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Publikationen - Molekulare Signalverarbeitung

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Quint, M.; Melchinger, A. E.; Dußle, C. M.; Lübberstedt, T.; Breeding for virus resistance in maize Genetika 32, 529-545, (2000)

Sugarcane mosaic virus (SCMV) is an important disease in maize, which is emerging in Germany since 1983. Using this pest as a model for the inheritance of oligogenic traits, we clarified the genetic ba­sis for resistance in early maturing European maize germplasm. Screening of 122 adapted European inbred lines identified three completely resistant lines, which were used for further analyses. The genetics of SCMV resis­tance was investigated by allelism tests in field experiments combined with QTL and bulked segregant analyses (BSA) on the marker level. QTL analyses revealed the presence of two major genes Scm1 and Scm2 plus three minor QTL. Involvement of Scm1 and Scm2 in the inheritance of SCMV resistance could be confirmed by BSA in a second cross. Breeders can make use of tightly linked STS markers for marker-assisted selection (MAS) as well as our SCMV resistant flint lines to improve their elite germplasm. Currently, recurrent backcrossing with phenotypic selection is the most appropriate and cost effective breeding method. With de­creasing costs of DNA chip technology, MAS can be competitive with phenotypic selection in the near future. Further objectives of our research are the isolation and cloning of Scm1 and Scm2. To achieve this goal we follow two different approaches. (1) Positional cloning based on more than 500 AFLP primer combinations resulted in Scm1/Scm2 specific markers with a resolution of approximately 0.2 cM in the respective re­gions. (2) Resistance gene analogues (RGAs), cosegregating with the tar­get genes are used to identify further candidate genes for transformation experiments.

BERGER, S.; Weichert, H.; Porzel, A.; Wasternack, C.; Kühn, H.; Feussner, I.; Enzymatic and non-enzymatic lipid peroxidation in leaf development BBA-Mol. Cell Biol. Lipids 1533, 266-276, (2001) DOI: 10.1016/S1388-1981(01)00161-5

Enzymatic and non-enzymatic lipid peroxidation has been implicated in programmed cell death, which is a major process of leaf senescence. To test this hypothesis we developed a high-performance liquid chromatography (HPLC) method for a simultaneous analysis of the major hydro(pero)xy polyenoic fatty acids. Quantities of lipid peroxidation products in leaves of different stages of development including natural senescence indicated a strong increase in the level of oxygenated polyenoic fatty acids (PUFAs) during the late stages of leaf senescence. Comprehensive structural elucidation of the oxygenation products by means of HPLC, gas chromatography/mass spectrometry and 1H nuclear magnetic resonance suggested a non-enzymatic origin. However, in some cases a small share of specifically oxidized PUFAs was identified suggesting involvement of lipid peroxidizing enzymes. To inspect the possible role of enzymatic lipid peroxidation in leaf senescence, we analyzed the abundance of lipoxygenases (LOXs) in rosette leaves of Arabidopsis. LOXs and their product (9Z,11E,13S,15Z)-13-hydroperoxy-9,11,15-octadecatrienoic acid were exclusively detected in young green leaves. In contrast, in senescing leaves the specific LOX products were overlaid by large amounts of stereo-random lipid peroxidation products originating from non-enzymatic oxidation. These data indicate a limited contribution of LOXs to total lipid peroxidation, and a dominant role of non-enzymatic lipid peroxidation in late stages of leaf development.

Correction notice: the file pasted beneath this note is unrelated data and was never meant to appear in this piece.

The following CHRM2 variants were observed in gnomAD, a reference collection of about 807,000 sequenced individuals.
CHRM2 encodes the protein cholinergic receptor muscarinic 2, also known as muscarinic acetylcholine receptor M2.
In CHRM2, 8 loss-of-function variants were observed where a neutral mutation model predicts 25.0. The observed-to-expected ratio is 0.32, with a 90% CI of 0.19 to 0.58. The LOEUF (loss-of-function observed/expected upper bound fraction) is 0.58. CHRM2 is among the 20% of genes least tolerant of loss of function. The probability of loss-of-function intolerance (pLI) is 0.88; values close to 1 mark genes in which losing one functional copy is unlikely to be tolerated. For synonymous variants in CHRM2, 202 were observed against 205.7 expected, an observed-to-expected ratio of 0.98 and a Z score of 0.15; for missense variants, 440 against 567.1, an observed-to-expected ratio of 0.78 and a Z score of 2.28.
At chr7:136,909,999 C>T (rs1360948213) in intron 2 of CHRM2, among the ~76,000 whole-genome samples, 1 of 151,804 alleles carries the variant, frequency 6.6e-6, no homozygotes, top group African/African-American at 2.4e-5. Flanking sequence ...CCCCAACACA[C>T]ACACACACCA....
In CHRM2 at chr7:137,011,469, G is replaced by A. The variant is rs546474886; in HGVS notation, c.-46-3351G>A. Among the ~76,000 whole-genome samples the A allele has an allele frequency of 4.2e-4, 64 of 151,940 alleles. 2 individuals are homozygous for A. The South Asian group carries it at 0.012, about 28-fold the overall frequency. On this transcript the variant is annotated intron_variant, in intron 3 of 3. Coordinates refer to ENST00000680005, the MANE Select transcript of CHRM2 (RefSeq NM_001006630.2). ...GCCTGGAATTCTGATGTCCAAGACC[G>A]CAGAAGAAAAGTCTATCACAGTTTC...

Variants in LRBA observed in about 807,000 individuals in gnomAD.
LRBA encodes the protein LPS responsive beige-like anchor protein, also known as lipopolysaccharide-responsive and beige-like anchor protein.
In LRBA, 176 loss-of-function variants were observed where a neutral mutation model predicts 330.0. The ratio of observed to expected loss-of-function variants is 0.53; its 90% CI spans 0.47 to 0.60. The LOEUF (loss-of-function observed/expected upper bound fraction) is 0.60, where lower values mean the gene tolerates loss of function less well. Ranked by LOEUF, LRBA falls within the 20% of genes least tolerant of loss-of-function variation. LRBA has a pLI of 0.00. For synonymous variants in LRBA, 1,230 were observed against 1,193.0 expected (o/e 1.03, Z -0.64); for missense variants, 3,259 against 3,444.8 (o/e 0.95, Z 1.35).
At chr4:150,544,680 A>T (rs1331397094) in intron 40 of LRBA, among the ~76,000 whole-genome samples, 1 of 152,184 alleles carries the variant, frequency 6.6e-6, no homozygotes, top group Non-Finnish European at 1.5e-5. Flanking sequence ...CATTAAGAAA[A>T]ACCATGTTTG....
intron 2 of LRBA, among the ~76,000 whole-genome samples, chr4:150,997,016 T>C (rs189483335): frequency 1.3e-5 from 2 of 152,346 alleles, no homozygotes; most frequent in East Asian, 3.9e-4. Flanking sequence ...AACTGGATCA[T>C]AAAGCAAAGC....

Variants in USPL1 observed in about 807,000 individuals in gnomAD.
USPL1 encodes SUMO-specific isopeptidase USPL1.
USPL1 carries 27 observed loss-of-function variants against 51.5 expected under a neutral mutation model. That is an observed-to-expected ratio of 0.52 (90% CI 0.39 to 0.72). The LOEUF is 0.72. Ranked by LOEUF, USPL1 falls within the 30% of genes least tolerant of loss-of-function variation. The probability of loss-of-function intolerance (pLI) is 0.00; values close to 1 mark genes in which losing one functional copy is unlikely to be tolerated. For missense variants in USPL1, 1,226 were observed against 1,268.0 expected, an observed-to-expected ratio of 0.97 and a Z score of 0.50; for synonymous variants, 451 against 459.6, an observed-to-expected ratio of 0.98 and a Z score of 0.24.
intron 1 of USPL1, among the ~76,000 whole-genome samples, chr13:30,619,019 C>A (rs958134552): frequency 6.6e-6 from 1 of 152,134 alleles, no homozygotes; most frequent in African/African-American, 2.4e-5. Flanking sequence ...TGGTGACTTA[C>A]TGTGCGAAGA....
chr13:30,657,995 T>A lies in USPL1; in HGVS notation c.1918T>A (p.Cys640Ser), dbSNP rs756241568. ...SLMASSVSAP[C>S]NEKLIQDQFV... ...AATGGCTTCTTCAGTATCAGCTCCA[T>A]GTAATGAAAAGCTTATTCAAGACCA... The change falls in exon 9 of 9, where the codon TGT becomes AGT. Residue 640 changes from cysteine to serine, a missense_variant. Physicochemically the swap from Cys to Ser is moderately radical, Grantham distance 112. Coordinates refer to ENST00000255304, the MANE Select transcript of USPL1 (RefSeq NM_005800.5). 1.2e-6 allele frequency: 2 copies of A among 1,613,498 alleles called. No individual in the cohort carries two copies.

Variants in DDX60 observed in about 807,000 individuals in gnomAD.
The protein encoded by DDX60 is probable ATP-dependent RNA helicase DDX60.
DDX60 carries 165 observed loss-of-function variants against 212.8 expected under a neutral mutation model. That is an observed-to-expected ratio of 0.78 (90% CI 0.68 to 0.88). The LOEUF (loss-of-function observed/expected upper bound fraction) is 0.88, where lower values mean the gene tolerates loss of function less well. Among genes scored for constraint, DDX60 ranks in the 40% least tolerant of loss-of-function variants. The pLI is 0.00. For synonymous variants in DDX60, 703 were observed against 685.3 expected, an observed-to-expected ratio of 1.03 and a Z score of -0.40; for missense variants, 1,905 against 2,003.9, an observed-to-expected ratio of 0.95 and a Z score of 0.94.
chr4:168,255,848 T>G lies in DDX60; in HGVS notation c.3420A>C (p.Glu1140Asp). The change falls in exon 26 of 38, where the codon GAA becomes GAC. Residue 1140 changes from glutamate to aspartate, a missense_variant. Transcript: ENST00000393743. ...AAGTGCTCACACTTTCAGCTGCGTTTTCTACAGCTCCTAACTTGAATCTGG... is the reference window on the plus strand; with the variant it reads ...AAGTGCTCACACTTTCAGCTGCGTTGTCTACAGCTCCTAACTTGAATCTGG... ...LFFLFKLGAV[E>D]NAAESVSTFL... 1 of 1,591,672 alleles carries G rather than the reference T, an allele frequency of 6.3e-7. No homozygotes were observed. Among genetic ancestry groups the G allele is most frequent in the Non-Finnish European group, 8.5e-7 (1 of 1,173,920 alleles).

De Nardi, B.; Dreos, R.; Del Terra, L.; Martellossi, C.; Asquini, E.; Tornincasa, P.; Gasperini, D.; Pacchioni, B.; Rathinavelu, R.; Pallavicini, A.; Graziosi, G.; Differential responses of Coffea arabica L. leaves and roots to chemically induced systemic acquired resistance Genome 49, 1594-1605, (2006) DOI: 10.1139/g06-125